yes, thats a good way of putting it. maybe its shifting the focus, is all. it doesn't do away with the experience one has, but as the saying goes, 'first things, first'.......then, i suppose, everything else follows. maybe it gives one another perspective for the experience thats being lived.

thank you.

love,
janet


From: Janet
Posted: Tue Nov 27, 2007

hi jim and all,

don't just go by me and my experience. there are many more experiences and examples given in life that you may relate to this verse.

its just easier for me to see the meaning of the verses from my own experience. so, that is my expression. it is NOT to take away from your expression. well, just wanted to make that statement.

thank you.

love,
janet


From: jimclatfelter
Posted: Tue Nov 27, 2007
:
Hi Janet and All,

I have always been a little puzzled about this. As I read Lao Tzu€in this verse€and Douglas, they say to prefer the inner over the outer, this over that. Douglas even talks about who I really, really, really am. I understand the importance of the inner dimension in making me whole, but I don't understand how it is somehow better or more important and real than the outer dimension. The two always come together. They seem like equal halves of my presence and my life.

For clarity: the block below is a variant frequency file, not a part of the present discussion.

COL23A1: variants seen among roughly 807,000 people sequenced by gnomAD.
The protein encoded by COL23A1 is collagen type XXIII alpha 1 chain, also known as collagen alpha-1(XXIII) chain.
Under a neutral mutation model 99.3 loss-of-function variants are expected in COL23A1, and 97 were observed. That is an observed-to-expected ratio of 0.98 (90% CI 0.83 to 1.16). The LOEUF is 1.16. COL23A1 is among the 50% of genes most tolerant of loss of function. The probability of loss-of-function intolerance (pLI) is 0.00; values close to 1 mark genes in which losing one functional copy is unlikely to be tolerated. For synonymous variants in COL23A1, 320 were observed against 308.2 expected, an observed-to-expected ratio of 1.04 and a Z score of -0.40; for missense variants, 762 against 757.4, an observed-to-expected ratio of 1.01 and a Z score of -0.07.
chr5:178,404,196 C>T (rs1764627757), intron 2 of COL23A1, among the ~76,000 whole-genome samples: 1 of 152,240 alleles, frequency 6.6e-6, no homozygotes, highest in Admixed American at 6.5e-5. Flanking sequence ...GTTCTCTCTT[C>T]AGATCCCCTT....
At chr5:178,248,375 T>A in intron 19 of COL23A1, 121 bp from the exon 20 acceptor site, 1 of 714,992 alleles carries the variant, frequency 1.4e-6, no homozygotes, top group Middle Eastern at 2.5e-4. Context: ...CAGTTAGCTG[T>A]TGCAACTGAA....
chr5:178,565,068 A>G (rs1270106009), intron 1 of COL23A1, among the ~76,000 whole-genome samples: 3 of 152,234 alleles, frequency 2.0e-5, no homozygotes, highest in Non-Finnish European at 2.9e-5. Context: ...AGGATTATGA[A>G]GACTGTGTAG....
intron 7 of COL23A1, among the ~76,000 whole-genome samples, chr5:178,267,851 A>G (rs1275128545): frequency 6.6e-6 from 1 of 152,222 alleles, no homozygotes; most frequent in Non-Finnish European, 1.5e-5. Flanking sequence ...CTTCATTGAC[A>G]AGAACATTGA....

I do understand that there is much confusion over the inner dimension, confusion that headless seeing instantly clears up. As we grow up, we are trained to ignore the inner dimension. Some of us sense that there is more. And some of us have been lucky enough to find the missing half, the half where everything is missing. It was a great discovery for me. But am I now to think that what I have discovered is to be preferred over what I was already aware of€the outside world, the ten thousand things?

I'd like to know what others think. Is the inner greater than the outer? In what ways is it greater? Are there ways in which the outer is greater than the inner? Do you think that the inner and outer are equal partners or complements?

I really like to know your opinions.

Thanks,
Jim


Home: Steve Palmer
Posted: Tue Nov 27, 2007

Hi Jim

I have read other posts by you on the inner and the outer being of equal value / interest and found them very balanced (no pun intended ) and inspiring.